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Title: Relationships between cognitive status, speech impairment and communicative participation in Parkinson's disease
Author: Barnish, Maxwell Scott
Awarding Body: University of East Anglia
Current Institution: University of East Anglia
Date of Award: 2013
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Aim: To assess the relationships between cognitive status, speech impairment and communicative participation in Parkinson’s disease. Introduction: Speech and communication difficulties, as well as cognitive impairment, are prevalent in Parkinson’s. The contributions of cognitive impairment and acoustic speech characteristics remain equivocal. Relationships between Impairment and Participation levels of the International Classification of Functioning, Disability and Health (ICF) have not been thoroughly investigated. Methods: 45 people with Parkinson’s and 29 familiar controls performed read, mood and conversational speech tasks as part of a multimethod investigation. Data analysis formed three main parts. Depression, cognition and communication were assessed using questionnaires. Phonetic analysis was used to produce an acoustic characterisation of speech. Listener assessment was used to assess conveyance of emotion and intelligibility. Qualitative Content Analysis was used to provide a participant’s insight into speech and communicative difficulties associated with Parkinson’s disease. Results: Cognitive status was significantly associated with certain read speech acoustic characteristics, emotional conveyance and communicative participation. No association was found with intelligibility or conversational speech acoustic characteristics. The only acoustic speech characteristics that predicted intelligibility were intensity and pause in the read speech condition. The contribution of intelligibility to communicative participation was modest. People with Parkinson’s disease reported a range of psychosocial, cognitive and physical factors affecting their speech and communication. Conclusions: I provide evidence for a role for cognitive status in emotional conveyance and communicative participation, but not necessarily general speech production, in Parkinson’s disease. I demonstrate that there may not be a strong relationship between ICF Impairment level speech measures and functional measures of communication. I also highlight the distinction between measures of communication at the ICF Activity and Participation levels. This study demonstrates that reduced participation in everyday communication in Parkinson’s disease appears to result from a complex interplay of physical, cognitive and psychosocial factors. Further research is required to apply these findings to contribute to future advances in speech and language therapy for Parkinson’s disease.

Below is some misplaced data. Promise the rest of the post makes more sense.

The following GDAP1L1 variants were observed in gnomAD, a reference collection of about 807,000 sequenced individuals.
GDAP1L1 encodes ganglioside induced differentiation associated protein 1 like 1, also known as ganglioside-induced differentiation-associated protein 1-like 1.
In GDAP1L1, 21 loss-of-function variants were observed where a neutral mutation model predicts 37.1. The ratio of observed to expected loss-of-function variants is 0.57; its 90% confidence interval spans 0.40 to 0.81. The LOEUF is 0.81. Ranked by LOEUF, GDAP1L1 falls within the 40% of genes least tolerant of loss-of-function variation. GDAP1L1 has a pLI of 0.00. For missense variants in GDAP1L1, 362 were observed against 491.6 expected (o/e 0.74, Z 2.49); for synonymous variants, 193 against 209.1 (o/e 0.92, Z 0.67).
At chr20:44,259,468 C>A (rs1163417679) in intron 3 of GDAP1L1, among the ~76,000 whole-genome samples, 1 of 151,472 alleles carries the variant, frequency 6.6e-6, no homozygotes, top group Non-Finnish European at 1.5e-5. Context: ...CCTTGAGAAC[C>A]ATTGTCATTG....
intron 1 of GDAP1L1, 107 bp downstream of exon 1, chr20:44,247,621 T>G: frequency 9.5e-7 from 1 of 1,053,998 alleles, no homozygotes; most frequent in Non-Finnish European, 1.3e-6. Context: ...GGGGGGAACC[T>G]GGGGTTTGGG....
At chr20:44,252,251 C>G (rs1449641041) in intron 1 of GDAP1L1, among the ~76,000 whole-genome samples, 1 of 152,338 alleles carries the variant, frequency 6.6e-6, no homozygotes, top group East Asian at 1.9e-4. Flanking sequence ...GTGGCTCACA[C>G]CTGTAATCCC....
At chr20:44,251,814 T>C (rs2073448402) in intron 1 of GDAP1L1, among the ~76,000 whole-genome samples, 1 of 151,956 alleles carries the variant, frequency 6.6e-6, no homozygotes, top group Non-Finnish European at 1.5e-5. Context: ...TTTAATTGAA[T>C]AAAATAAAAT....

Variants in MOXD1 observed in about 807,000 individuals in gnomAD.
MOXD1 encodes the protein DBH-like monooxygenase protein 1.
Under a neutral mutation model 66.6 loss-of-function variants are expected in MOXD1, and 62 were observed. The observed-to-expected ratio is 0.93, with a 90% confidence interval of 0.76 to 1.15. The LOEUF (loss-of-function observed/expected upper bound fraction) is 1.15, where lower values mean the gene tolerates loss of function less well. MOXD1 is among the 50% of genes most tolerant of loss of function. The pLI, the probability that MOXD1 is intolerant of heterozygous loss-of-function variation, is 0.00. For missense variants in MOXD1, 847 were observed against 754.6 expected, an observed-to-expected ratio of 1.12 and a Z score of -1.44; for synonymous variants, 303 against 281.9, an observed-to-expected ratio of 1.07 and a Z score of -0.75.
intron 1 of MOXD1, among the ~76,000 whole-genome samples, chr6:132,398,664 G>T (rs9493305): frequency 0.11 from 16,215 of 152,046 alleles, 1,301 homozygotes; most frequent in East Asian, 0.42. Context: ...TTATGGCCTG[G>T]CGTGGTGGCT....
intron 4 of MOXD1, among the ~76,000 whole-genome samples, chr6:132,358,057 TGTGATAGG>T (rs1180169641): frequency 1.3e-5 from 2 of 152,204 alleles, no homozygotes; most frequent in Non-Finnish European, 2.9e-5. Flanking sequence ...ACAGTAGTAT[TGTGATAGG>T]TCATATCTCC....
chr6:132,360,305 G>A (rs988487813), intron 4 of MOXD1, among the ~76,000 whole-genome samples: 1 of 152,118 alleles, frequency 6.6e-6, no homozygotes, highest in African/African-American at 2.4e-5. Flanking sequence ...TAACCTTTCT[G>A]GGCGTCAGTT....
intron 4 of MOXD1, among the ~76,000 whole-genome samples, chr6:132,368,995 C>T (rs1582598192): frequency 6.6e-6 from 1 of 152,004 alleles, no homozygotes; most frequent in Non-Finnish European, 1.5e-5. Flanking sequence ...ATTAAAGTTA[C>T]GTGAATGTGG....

Supervisor: Not available Sponsor: Not available
Qualification Name: Thesis (Ph.D.) Qualification Level: Doctoral
EThOS ID:  DOI: Not available